If the engine is overfilled, the amount of oil passing up the breather system can overwhelm the oil trap. This causes lubricating oil to be drawn into cylinder and a diesel engine is just as happy running on lube oil as it is on diesel (and peanut oil, gas, coal dust etc).
If fuel leaks from an internal pipe into the sump the fuel will both raise the lubricating oil level and produce fumes when the engine is hot.
Again the breather system directs these fumes into the cylinders, allowing the engine to run on them.
If a sufficient concentration of flammable gas (butane, propane etc) gets into the air, the engine will burn this gas, again we get a runaway.
If you managed (and its a very big if probably requiring sprays from cans) you managed to start an engine with badly worn pistons & bores, it could produce sufficient crankcase pressure to blow the lubricating oil through the breather.
However, I think the exhaust smoke and difficulty in starting might have warned you that something was going wrong.
How to stop a runaway.
The problem is that one has no way of knowing how fast the engine will run. If it revs too highly or for too long the big ends may very well snap, causing large chunks of metal and hot oil to fly out of the side of the engine. If something hit you in these circumstances it could do a serious injury.
Then problem is deciding how close to the engine you can get, and for how long.
My normal advice would be to get the engine under load (to try to hold the revs down a bit), turn off the main fuel tap, and retire to a safe distance. However this is probably not an option on a generator because using the generator to load a runaway engine could lead to over frequency and over voltage supplies that would damage a lot of electrical and electronic equipment.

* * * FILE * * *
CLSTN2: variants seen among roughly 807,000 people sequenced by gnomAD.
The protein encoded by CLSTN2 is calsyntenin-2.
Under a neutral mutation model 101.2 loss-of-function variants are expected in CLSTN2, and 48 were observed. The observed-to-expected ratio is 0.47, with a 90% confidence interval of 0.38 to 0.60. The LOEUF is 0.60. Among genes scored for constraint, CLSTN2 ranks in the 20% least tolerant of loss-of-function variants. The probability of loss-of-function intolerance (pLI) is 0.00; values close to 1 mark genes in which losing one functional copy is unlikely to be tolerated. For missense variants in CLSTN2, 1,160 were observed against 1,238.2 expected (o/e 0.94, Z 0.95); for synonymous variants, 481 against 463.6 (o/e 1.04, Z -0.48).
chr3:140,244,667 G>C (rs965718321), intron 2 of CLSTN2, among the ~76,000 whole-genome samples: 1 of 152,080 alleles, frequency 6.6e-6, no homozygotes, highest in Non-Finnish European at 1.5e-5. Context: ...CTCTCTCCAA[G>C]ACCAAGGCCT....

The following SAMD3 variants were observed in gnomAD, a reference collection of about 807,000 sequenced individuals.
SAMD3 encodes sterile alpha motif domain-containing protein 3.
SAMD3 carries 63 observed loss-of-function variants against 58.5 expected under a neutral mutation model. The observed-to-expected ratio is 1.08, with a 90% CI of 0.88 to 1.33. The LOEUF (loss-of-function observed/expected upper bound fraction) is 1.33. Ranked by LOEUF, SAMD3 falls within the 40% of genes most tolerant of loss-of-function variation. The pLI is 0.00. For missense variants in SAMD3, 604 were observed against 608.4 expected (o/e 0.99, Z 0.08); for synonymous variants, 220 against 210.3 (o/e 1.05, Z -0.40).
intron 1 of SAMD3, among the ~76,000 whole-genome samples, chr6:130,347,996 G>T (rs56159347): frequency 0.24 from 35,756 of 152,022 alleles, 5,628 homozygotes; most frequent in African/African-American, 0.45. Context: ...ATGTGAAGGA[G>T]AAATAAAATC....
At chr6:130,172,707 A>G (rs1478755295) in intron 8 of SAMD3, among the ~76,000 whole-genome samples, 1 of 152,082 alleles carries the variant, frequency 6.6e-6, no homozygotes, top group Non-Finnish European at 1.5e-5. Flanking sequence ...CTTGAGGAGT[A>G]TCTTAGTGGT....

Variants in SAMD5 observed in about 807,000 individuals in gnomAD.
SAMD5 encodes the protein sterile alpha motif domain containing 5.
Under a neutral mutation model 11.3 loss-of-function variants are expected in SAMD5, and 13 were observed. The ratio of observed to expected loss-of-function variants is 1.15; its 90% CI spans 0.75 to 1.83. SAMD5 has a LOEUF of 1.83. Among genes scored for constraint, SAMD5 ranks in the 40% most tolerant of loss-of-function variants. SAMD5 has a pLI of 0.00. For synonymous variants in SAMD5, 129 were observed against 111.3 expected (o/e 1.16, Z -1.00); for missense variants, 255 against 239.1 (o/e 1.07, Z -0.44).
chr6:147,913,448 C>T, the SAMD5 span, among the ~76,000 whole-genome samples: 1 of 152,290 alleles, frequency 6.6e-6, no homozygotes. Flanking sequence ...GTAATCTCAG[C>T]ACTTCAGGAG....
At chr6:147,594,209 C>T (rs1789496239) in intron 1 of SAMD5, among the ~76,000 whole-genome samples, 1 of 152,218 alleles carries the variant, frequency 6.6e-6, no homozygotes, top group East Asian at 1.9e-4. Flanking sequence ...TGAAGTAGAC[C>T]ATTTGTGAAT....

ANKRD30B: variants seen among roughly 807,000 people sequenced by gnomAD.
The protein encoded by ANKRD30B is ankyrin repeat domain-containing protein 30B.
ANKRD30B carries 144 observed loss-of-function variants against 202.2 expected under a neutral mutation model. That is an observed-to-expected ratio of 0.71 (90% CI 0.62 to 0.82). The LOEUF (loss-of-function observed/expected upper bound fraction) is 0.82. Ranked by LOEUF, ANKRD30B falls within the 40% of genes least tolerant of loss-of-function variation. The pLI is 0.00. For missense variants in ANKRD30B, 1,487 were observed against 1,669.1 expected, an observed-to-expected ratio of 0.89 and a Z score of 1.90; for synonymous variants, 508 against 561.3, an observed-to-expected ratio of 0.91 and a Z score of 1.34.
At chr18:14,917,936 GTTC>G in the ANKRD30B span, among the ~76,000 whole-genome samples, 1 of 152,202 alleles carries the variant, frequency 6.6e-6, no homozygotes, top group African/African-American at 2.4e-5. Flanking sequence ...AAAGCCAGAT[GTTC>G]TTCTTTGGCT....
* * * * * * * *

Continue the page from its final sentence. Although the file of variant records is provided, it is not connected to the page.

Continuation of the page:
If the engine is running on lubricating oil or gas you might not be able to stop it.
Once you have tried the normal stopping procedure, some ideas about stopping a runaway are detailed below (no particular order choose the best one in the circumstances).
1. Let off a large CO2 fire extinguisher off into the air intake & hope that the extinguisher will last long enough to stop the engine by starving it of oxygen
2. If the engine room is equipped with automatic CO2 fire extinguishers, let them off (remember that you must leave the room).3. Place a very large wad of rag, rolled up into a ball, over the air intake. This might mean removing the air cleaner.
4. Turn off the fuel supply and retire to a safe distance.
5. Slacken the injector pipes.
6. Undo a fuel supply pipe & retire (on a day tank system you must also turn the fuel tap off, otherwise you will have gas oil all over the floor!
7. Take an axe to a filter or fuel supply pipe - see above.
Whatever happens with a runaway, major engine damage or component strain must be suspected, so a strip-down would be indicated. It might be better just to turn the fuel off and retire.
I would once again stress that in over 40 years of dealing with diesels I have never known a mechanically or hydraulically governed one run away I have heard lots of stories but am rather sceptical about them on modern engines.